The more deposition experience you have, the less likely you'll want to script out deposition questions ahead of time. After all, you need to be able to listen to the witness and respond with a new question based on his answer--and you don't know the answer until you ask the question.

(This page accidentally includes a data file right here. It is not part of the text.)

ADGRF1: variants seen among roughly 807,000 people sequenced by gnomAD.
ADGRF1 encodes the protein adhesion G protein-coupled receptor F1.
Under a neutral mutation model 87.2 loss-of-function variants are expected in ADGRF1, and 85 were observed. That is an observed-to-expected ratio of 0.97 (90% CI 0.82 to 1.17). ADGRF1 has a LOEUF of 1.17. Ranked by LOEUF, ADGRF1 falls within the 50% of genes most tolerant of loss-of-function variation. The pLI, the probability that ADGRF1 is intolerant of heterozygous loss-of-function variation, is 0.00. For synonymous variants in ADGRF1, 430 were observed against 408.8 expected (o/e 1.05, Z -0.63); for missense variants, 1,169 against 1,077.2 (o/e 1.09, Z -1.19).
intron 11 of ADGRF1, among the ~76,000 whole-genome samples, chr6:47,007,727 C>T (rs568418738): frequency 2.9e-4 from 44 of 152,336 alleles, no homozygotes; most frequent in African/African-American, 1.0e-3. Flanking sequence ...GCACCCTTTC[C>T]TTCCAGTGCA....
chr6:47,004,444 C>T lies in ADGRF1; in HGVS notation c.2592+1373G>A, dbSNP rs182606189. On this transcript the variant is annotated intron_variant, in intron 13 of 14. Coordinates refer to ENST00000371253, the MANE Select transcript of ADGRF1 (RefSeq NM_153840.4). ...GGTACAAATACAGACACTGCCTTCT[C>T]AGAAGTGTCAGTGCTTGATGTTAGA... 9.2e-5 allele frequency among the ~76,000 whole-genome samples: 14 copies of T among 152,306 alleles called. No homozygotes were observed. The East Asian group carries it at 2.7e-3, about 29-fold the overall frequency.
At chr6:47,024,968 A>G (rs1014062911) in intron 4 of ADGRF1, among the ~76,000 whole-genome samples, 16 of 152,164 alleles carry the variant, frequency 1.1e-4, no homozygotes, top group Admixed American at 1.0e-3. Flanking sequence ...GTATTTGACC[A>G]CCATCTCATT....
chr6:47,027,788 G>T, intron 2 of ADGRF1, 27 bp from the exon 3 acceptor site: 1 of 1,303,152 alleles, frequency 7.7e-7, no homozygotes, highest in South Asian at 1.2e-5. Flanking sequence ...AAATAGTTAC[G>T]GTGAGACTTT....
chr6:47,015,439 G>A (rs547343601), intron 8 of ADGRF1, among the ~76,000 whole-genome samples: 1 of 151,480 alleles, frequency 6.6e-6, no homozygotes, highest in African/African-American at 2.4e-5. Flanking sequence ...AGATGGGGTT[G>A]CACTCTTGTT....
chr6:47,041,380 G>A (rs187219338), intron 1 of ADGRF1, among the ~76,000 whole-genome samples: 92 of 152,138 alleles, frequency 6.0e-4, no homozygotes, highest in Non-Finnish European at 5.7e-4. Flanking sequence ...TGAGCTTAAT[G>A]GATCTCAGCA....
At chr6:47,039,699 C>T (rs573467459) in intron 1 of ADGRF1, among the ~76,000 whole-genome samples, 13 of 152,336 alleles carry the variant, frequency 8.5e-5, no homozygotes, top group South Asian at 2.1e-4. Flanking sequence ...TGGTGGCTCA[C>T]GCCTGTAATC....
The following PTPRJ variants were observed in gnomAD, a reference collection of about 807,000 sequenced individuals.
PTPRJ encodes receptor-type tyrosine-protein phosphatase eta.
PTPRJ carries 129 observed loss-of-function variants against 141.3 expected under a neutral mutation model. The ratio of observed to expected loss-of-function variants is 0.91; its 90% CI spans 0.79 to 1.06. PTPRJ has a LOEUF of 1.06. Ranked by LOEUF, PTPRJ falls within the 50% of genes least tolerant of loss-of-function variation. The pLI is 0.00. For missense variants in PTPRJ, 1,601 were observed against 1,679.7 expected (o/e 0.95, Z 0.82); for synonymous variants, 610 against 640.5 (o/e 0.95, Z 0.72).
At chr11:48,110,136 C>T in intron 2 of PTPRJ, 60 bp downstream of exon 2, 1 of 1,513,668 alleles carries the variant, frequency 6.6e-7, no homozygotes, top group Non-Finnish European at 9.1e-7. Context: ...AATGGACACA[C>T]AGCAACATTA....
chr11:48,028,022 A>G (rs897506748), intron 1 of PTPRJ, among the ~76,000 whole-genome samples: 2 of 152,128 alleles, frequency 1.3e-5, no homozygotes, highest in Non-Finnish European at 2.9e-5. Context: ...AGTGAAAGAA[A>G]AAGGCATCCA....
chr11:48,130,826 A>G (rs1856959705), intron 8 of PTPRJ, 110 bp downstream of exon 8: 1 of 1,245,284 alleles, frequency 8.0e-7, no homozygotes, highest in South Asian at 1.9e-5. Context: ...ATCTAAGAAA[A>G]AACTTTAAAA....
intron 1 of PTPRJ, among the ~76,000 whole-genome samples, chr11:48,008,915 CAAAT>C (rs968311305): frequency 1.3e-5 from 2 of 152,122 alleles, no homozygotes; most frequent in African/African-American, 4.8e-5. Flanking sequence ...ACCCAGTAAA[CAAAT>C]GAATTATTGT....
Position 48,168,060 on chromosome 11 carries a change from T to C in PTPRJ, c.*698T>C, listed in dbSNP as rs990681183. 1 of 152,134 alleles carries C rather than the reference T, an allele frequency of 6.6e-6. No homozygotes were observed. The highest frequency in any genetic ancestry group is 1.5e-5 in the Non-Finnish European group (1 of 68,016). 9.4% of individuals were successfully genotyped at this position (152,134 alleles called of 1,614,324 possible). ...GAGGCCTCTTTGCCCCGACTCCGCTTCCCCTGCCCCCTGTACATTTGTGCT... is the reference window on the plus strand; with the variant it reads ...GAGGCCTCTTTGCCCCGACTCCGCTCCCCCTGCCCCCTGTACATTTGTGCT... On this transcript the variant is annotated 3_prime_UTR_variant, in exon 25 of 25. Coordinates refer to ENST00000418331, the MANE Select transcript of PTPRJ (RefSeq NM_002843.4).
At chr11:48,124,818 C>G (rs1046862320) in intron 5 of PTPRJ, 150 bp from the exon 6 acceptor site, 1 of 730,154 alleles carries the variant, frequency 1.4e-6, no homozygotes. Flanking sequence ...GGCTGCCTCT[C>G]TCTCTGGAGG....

For this reason, deposition outlines are often just a list of topics and sub-topics you want to cover with the withess. As you're getting to this point, however, there is nothing wrong with scripting out some of the questions you'll be asking. A principle benefit of this approach is that it will help you to better visualize the deposition process before it happens. Just remember to be flexible enough to set your scripted questions aside at the real deposition when the witness wants to take you off on a tangent that needs to be explored.